Russian Paranoia Spurs Spike in Treason Trials

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Police surround a protester during an unsanctioned march for peace in Ukraine in St. Petersburg, Russia on September 27. Since Russia's annexation of Crimea, the country has seen a spike in treason cases under the auspices of a 2012 law introduced by President Vladimir Putin that can bring charges against anyone who provides information "directed against Russia's security." Valya Egorshin/NurPhoto/ZUMA

When Alexei Svyatin, a retired Russian army officer, emerged this summer from a vodka haze to find the battered body of merchant sailor Sergei Karelsky lying dead at his feet, he immediately telephoned police to report that he had neutralized a “spy.” His suspicions, he told startled officers in Bykhovskaya, a picturesque village around 160 miles from Moscow, had been aroused by Karelsky’s tales of frequent work-related trips abroad. Some five months later, on November 17, a 76-year-old man in central Russia’s Kaluga region stabbed an acquaintance to death after a drinking session. His explanation? His guest had announced—in what appears to have been an ill-considered joke—that he worked “for Obama and will tell him all about you.” Enraged, the ultra-patriotic senior citizen shouted, “Ah, you American agent!” and grabbed a knife, according to Russian media. In both cases, the attackers have been charged with murder.

Vodka, to paraphrase the Russian author Anton Chekhov, can make a man do the strangest things. But alcohol-frazzled villagers and senior citizens aren’t the only ones seeing traitors and foreign agents everywhere in today’s Russia. Since the imposition of Western sanctions over the Kremlin’s annexation of Crimea in March 2014, a spike in treason cases has sucked in a diverse group that includes a mother of seven, an air-traffic controller, a Russian Orthodox Church official, a top physicist, businessmen and a former military intelligence employee. There were 15 convictions for state treason in Russia last year, an almost fourfold rise from 2013. While there are no official statistics for 2015, lawyers and human rights defenders tell Newsweek this year’s figure is already approaching two dozen.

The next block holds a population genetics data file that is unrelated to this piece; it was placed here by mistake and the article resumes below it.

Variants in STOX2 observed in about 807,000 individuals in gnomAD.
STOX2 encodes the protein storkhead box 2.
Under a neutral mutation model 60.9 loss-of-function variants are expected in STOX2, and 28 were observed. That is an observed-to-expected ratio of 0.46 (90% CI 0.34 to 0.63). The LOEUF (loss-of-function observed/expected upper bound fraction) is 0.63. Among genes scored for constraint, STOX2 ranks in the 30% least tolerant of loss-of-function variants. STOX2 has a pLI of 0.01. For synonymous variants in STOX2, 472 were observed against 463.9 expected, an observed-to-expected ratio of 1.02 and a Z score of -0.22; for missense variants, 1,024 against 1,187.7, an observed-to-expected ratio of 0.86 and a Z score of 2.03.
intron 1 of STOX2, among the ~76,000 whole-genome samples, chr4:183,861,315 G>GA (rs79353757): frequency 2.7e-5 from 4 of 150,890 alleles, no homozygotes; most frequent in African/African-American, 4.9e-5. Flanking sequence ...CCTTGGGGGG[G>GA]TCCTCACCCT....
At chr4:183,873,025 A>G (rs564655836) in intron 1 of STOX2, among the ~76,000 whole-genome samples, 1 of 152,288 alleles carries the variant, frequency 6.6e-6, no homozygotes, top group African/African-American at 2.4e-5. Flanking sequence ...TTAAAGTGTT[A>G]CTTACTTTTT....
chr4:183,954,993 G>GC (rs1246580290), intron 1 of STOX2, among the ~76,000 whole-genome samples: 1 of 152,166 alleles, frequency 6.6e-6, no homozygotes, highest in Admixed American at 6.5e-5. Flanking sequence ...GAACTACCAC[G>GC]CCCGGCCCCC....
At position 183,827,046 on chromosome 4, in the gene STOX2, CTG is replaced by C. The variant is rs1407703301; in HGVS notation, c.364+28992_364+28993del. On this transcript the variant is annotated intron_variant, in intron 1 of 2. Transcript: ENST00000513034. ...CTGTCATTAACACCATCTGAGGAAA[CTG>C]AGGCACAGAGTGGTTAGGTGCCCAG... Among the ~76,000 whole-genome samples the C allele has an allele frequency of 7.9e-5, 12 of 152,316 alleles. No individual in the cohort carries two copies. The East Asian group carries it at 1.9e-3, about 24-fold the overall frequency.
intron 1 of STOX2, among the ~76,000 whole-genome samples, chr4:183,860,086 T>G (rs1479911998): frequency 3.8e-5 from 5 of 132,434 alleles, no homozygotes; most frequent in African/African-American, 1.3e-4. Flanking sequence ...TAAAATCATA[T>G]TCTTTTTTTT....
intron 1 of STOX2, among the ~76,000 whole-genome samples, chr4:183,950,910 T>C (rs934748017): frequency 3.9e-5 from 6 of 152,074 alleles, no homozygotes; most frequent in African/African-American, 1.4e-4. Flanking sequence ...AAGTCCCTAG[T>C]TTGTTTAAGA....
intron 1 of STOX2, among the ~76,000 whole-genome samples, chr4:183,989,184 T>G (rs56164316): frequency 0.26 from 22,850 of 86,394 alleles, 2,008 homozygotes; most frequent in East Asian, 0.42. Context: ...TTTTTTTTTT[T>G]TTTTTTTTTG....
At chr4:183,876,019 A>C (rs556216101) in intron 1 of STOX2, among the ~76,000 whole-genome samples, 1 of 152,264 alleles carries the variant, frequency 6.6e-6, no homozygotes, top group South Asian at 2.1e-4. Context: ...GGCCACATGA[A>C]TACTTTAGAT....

“Absolutely anyone can be charged with treason now, even people without access to state secrets,” says Zoya Svetova, an opposition journalist and human rights activist, who has met some of those convicted on that charge. “Trials are carried out behind closed doors, and we often only find out about them after sentences have been handed down.” Because fewer than 1 percent of criminal trials in Russia result in an acquittal—a figure that is even lower than during Soviet dictator Josef Stalin’s Great Terror—Svetova suggests that people falsely accused of treason usually plead guilty in the hope of a shorter jail term.

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This increase in the number of Russians being charged with betraying their homeland stems from controversial legislation introduced by President Vladimir Putin in 2012. Under the vaguely worded law, anyone providing information “directed against Russia’s security” to a foreign or international organization can be charged, even if that information comes from open sources. Defendants, along with their lawyers, are often kept in the dark about the exact nature of their alleged crimes. Many of these treason cases are linked to Ukraine, whose pro-Western government Russian officials accuse of being a U.S. puppet.

Among the most high-profile cases is that of Svetlana Davydova, a 37-year-old mother of seven young children. She called the Ukrainian Embassy to report that she had overheard locally based soldiers discussing their secret deployment to the war-torn former Soviet state, because she was against the war and wanted to avoid casualties. Even though the Kremlin denies Russian troops are active in Ukraine, armed Federal Security Service (FSB) officers raided Davydova’s apartment and charged her with treason.

“This was intended to frighten people, to show them that even a breast-feeding mother can end up in a cell if this is in the interest of the special services,” says lawyer Ivan Pavlov, who represented Davydova, as well as others accused of treason. Earlier this month, Pavlov and other lawyers concerned by the growing number of treason cases published an online legal advice guide titled “What to Do if They Come for You.”